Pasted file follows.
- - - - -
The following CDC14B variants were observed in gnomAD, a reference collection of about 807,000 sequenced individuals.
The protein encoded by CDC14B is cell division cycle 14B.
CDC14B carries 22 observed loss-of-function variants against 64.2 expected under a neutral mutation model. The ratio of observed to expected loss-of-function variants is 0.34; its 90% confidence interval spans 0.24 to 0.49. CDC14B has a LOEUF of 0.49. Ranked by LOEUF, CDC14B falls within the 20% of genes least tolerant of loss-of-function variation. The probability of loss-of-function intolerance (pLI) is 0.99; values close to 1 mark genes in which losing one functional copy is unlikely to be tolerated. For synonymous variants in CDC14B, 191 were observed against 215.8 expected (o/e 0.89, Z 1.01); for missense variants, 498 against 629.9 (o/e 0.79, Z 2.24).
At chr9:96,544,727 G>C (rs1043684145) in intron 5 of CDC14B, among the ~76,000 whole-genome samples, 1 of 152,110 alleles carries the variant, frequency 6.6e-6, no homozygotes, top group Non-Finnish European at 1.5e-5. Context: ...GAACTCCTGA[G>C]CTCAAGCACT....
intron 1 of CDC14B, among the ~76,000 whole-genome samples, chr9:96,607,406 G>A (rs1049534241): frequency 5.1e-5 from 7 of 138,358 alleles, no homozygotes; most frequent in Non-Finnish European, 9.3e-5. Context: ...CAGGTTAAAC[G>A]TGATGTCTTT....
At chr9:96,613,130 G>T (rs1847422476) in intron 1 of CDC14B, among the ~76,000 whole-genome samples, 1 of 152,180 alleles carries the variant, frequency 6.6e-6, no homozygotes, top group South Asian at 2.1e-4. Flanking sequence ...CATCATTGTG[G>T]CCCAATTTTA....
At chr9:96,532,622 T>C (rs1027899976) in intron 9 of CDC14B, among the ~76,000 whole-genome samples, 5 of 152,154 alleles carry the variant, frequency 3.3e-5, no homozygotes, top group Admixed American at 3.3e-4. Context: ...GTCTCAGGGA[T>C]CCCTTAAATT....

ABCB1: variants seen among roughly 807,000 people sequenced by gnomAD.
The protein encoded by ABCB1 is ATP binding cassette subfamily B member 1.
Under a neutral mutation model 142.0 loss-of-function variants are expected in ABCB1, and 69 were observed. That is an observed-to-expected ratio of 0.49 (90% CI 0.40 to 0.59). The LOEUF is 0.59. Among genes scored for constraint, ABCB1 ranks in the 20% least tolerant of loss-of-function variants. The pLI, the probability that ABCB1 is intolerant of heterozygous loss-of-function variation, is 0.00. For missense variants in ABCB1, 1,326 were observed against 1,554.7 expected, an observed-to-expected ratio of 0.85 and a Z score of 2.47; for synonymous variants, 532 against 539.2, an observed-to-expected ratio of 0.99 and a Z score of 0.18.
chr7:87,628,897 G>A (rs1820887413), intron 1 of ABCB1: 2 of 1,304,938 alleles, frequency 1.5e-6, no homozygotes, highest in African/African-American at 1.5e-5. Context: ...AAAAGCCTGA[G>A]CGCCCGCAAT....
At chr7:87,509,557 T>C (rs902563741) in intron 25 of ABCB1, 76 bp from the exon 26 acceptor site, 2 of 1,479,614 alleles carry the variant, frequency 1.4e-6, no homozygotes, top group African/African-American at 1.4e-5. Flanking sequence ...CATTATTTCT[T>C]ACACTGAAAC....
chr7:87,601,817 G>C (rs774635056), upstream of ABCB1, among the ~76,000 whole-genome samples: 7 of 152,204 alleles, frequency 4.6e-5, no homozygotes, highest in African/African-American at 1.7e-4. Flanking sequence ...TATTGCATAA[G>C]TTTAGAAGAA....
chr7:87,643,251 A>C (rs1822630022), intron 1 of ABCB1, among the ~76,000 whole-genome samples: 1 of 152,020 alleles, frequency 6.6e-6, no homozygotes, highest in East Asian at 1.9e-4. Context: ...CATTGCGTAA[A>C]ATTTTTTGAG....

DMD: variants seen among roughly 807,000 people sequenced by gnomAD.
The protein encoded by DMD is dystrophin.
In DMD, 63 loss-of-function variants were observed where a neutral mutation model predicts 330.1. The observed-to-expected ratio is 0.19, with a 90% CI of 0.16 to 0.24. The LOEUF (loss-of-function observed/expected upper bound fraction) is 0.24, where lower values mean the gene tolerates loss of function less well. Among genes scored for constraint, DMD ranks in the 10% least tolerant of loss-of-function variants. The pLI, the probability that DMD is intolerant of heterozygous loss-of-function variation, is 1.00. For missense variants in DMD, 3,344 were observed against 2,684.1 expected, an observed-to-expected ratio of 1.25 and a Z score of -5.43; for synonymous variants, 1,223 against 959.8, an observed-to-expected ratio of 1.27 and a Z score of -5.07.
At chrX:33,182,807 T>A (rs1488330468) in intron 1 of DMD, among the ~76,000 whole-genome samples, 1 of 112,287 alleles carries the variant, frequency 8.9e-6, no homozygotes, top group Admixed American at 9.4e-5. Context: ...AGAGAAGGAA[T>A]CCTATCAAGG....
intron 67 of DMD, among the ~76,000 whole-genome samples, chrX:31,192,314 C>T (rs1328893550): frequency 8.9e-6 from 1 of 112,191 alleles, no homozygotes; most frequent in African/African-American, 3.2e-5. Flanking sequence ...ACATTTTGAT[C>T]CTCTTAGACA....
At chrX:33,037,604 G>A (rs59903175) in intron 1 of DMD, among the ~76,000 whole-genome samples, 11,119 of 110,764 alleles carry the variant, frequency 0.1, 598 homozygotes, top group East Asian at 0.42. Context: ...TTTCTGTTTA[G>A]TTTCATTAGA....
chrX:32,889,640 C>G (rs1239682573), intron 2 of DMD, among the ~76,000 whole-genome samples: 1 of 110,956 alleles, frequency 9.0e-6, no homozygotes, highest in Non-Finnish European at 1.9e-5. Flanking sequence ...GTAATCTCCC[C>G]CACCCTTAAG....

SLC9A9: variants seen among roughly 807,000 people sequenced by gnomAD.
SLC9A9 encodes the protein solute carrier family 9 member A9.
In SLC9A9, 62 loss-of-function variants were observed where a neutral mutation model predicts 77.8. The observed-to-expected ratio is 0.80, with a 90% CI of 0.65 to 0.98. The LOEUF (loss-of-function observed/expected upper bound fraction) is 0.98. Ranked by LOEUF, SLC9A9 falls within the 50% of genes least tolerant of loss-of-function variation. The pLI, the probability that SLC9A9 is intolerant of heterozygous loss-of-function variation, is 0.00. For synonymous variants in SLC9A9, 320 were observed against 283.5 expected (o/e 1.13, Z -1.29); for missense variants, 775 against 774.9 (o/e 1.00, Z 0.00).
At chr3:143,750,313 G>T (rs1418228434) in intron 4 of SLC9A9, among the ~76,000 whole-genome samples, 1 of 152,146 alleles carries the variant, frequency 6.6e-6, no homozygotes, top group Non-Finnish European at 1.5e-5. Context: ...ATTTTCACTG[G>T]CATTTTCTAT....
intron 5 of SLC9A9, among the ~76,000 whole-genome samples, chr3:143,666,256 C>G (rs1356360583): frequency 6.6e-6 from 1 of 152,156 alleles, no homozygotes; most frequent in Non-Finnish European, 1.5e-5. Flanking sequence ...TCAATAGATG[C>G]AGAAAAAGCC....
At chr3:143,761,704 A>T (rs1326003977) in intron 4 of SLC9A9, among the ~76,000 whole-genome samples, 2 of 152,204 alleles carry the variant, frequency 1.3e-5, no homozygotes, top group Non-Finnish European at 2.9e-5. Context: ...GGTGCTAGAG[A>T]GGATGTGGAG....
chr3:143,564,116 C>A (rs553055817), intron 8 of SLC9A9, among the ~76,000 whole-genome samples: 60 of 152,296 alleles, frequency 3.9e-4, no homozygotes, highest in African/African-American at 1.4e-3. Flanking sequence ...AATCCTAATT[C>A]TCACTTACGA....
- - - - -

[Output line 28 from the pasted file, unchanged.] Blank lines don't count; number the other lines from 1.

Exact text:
chr3:143,564,116 C>A (rs553055817), intron 8 of SLC9A9, among the ~76,000 whole-genome samples: 60 of 152,296 alleles, frequency 3.9e-4, no homozygotes, highest in African/African-American at 1.4e-3. Flanking sequence ...AATCCTAATT[C>A]TCACTTACGA....